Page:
Saturday, November 30, 2013

Saving cost-free the Kitchen Sink: The small joys (miracles) of American life

Most USA home/apartment owners are eventually faced with the not-so-minor kitchen tragedy: their InSinkErator (or its variations), their kitchen sink garbage shredder/disposal, ceases functioning -- for many reasons.

The Problem

Scene One: I suppose most of us Americans blame ourselves for sending the wrong waste down the kitchen skin (oops, I meant sink) drain.

Now this time, about a week ago, I wasn't sure why my InSinkErator at home seemed to have perished: I blamed everything from feeding it pork fat to celery leaves.

But I didn't want to give up (don't we all want in America never to give up?) So I shoved my hand down into the bowels of the sink, making doubly sure that the InSinkErator was "off" and wouldn't turn my hand into a messy cut-up salami.

After some expeditionary steps, I picked up some pork fat from the sink and said -- ah ah ah -- I've resurrected my "Badger 5" (a version of the InSinkErator). On my knees, I pulled down Badger's on-off switch in the darkness of the cabinet below the sink.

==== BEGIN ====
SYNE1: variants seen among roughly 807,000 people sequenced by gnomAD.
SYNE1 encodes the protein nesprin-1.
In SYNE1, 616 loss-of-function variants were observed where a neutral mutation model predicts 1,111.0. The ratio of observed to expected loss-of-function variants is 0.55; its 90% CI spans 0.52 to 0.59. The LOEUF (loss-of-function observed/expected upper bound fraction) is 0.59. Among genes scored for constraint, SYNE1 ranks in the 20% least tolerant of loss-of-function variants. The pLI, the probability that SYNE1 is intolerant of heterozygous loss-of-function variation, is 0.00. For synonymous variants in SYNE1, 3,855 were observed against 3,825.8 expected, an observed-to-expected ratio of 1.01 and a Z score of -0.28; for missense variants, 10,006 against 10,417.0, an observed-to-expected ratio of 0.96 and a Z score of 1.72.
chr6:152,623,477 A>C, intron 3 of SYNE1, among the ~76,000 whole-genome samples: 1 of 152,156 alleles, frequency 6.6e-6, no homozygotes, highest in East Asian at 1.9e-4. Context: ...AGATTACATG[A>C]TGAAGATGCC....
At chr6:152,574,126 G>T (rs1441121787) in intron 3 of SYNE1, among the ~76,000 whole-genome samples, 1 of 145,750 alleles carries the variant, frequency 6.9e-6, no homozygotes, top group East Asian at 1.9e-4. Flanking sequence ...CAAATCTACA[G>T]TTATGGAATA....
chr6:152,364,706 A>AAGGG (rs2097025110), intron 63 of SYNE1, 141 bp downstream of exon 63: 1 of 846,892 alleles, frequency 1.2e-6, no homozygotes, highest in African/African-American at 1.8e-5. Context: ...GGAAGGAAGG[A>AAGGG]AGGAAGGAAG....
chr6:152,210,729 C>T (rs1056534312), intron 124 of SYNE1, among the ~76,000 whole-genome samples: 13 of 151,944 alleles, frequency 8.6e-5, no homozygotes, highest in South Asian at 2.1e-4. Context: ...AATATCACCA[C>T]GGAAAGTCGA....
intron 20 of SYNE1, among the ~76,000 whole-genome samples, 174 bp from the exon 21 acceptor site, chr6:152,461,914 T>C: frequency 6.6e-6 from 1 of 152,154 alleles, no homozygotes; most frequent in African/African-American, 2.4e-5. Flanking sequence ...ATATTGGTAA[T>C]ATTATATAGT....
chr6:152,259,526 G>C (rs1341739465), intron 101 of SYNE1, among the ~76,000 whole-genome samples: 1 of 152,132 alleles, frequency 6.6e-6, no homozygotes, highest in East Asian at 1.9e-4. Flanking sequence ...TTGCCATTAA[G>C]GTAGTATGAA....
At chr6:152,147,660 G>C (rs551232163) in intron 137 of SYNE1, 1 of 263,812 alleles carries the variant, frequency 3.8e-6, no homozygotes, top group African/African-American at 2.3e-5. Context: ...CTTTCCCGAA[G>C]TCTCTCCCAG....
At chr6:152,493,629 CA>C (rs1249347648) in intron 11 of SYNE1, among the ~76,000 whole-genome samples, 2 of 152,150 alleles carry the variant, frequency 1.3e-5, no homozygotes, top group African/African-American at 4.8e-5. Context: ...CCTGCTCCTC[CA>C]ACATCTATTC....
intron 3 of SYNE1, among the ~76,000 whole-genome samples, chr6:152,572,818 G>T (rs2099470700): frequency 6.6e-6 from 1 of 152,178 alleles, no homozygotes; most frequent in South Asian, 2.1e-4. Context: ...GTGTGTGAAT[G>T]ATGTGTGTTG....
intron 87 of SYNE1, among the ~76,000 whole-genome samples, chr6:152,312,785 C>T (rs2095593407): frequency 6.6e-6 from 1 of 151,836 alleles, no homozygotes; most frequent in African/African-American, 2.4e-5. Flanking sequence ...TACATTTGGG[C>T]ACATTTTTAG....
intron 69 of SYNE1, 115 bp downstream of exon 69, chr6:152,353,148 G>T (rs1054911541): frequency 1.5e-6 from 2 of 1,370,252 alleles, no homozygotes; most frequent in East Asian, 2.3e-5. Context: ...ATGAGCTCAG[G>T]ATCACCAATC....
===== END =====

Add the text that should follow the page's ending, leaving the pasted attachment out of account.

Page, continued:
But nada, nada, nada, no life -- just a buzzing sound. The snoring of the not-yet dead?


Near hopeless, but still determined to fix the problem, I resorted to the instructions in the Badger leaflet:

If motor stops while disposer is operating, disposer may be jammed. To release jam:
1. Turn off disposer and water.
2. Insert one end of the self-service wrenchette into center hole on bottom of disposer. Work wrenchette back and forth until it turns one full revolution. Remove wrenchette.
3. Reach into disposer with tongs and remove object(s).
I did as instructed.

No luck. Deep in my kitchen sink (and in my all-American soul), I sensed no physical object, except the feel of my own shaking hand touching metallic inards. I again realized -- as I did nearly one week ago, when the InSinkErator had gone kaput -- that the work of replacing the InSinkErator by a plumber could be as much as an outrageous $450 (labor, round-trip travel to place of labor, replacement for the Badger if it so needed).

$450? Financial panic time for this not-yet-defrocked academic.